January can be a hard time for teachers. You arrive at school before the sun comes up, you leave after the sun has gone down and it’s so very cold because no school has ever in the history of schools managed to perfect the art of heating classrooms.
January can also be a really exciting time for teachers. The students (for the most part) are settled into their routines, there is a large chunk of time before the next major holiday and it’s dreary enough that students are not longingly staring out the window wishing they could frolic outside. This means that MAJOR content can be covered, recovered, challenged, debated, explored and investigated. #teacherhappyplace
In all of the exploring, debating and uncovering that is going to go on between January and March, I want to focus in on my action plan and really get good at using peer to peer feedback. I want to try different times (i.e. morning classes vs afternoon classes), different groupings (friends vs pairs based on needs), different projects (essay vs lab report vs presentation) and different styles (do we use the rubric vs more general feedback).
This is my season to attempt and fail, it is my season to learn and grow and it is my season to dive into peer-to-peer feedback and find ways that it can be incorporated to help the students learn resiliency when it comes to accepting and using feedback.
It is rare that I attend PD where I go home so tired, and yet, so invigorated and refreshed. My brain hurts. I’ve thought a lot leading up to today about my action plan, my goals and what success would look like for my actions. I’ve seen some success, but I also know I have a long way to go to really get to where I want to be in my own teaching to have the impact I want this project to have on my students and their resiliency.
Today I thought, talked, reflected even more and was challenged (in a good way) and all of this kept me returning to my ideas with new lenses to see how else I could best enhance peer-to-peer feedback for my students as a piece of their resiliency puzzle.
I don’t think my “how might we” statement changed today, but I do think that I’ve changed how I need to go about approaching my next steps. This is the beautiful thing about having so many talented, reflective and critical thinkers in the same space is that you can approach an idea from so many ways with so many background experiences in a 20-minute session because everyone has something they can contribute. And this, my friends, is why I am so exhausted and so recharged all at the same time. I am processing, and connecting all of the great ideas and I can’t wait to try them in my own space, but thinking is hard. Quality thinking is hard.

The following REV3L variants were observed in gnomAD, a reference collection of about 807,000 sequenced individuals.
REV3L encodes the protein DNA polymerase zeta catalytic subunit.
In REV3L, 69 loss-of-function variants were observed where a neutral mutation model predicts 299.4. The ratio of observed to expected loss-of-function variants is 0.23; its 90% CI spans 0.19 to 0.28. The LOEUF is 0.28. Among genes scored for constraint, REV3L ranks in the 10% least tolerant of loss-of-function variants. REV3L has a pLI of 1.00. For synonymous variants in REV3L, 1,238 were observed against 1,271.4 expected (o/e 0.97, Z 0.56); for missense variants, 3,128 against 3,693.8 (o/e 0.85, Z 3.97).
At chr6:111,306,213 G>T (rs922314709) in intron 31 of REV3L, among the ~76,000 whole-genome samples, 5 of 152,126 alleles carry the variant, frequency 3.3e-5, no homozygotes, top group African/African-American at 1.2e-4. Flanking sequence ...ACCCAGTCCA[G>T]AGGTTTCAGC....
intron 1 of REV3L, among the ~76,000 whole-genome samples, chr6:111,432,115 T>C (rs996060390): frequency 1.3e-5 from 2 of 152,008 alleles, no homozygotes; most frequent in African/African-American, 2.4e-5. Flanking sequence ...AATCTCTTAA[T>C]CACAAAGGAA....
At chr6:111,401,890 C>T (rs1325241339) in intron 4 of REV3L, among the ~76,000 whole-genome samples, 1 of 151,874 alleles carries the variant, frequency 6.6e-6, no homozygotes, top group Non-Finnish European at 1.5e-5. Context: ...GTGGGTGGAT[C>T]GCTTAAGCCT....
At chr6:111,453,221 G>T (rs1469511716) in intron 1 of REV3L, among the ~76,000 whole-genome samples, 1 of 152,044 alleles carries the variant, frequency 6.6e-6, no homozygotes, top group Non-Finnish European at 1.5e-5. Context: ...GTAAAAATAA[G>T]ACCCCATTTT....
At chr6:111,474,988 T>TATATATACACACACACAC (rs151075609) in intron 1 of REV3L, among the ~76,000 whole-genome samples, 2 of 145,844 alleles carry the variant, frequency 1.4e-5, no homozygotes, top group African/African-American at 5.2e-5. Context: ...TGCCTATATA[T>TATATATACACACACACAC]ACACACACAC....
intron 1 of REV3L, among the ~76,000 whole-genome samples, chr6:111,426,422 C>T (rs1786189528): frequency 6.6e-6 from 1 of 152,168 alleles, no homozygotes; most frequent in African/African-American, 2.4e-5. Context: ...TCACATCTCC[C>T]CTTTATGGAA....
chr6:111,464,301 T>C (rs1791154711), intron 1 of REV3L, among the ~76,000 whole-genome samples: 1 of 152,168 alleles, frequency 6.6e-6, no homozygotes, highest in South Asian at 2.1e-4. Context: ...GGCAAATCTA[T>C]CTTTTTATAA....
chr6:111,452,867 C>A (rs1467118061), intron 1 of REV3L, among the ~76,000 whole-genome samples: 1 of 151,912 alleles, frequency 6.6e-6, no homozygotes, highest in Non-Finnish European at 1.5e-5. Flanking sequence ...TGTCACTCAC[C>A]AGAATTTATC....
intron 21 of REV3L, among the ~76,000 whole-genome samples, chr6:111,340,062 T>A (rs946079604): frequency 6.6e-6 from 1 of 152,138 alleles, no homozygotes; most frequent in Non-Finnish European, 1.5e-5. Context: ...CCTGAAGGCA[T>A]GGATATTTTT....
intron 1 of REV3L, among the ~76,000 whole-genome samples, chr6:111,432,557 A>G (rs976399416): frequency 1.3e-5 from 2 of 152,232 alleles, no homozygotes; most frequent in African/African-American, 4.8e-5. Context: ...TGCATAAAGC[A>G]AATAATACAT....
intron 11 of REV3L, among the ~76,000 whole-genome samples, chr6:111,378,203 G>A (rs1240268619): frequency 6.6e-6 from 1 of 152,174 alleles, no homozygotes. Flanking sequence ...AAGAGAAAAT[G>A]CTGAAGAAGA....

This week I gained a whole new perspective on teaching. I am now a teacher-parent (or is it parent-teacher?). My newly minted 3 – year old son started full-time daycare on Monday. He went from being home with a caregiver having full attention, to being in a room of 18 students with 2 adults – slightly less than 1:1 attention he was used to throughout the day. To say it has been a smooth transition would be an absolute lie.
It’s the first time I’ve been the “parent” in the parent-teacher relationship and day 1 challenged me. I felt awful leaving the first day and wondered if we had made the right choice. I wanted to make excuses for behaviour, but I knew I didn’t want to be “that” parent. I also know that if he was at home, I would have disciplined the behaviour as well, so there was no reason to make excuses as it was inexcusable. I know kids are resilient and bounce back after some transition time, and I’ve seen it a lot with my own work, but it’s different when you are the parent.
The next day we went in, and the teachers were so cheerful to see my very apprehensive son that it immediately set him at ease. One of the teachers remembered an activity he enjoyed the day before and set him up doing that right away. My parent brain was going “that’s so sweet” as I left and headed myself to work and later, upon reflection, my teacher-brain went “she set my son up for success first thing, she’s creating a relationship with him, she’s learning about how he learns” and this whole experience got me thinking about what we do as teachers each start of a term, each start of a week, each start of a class to build relationships and set our students up for success. This then got me thinking that maybe I’m not the only teacher coming back from break thinking about curriculum outcomes, how many school days I have to get through them and all of the other “content” parts of my job. Maybe I’m not the only turkey-comatose adult needing a reminder to put relationships first in the next few weeks (then again, maybe I am….there was a lot of turkey going around).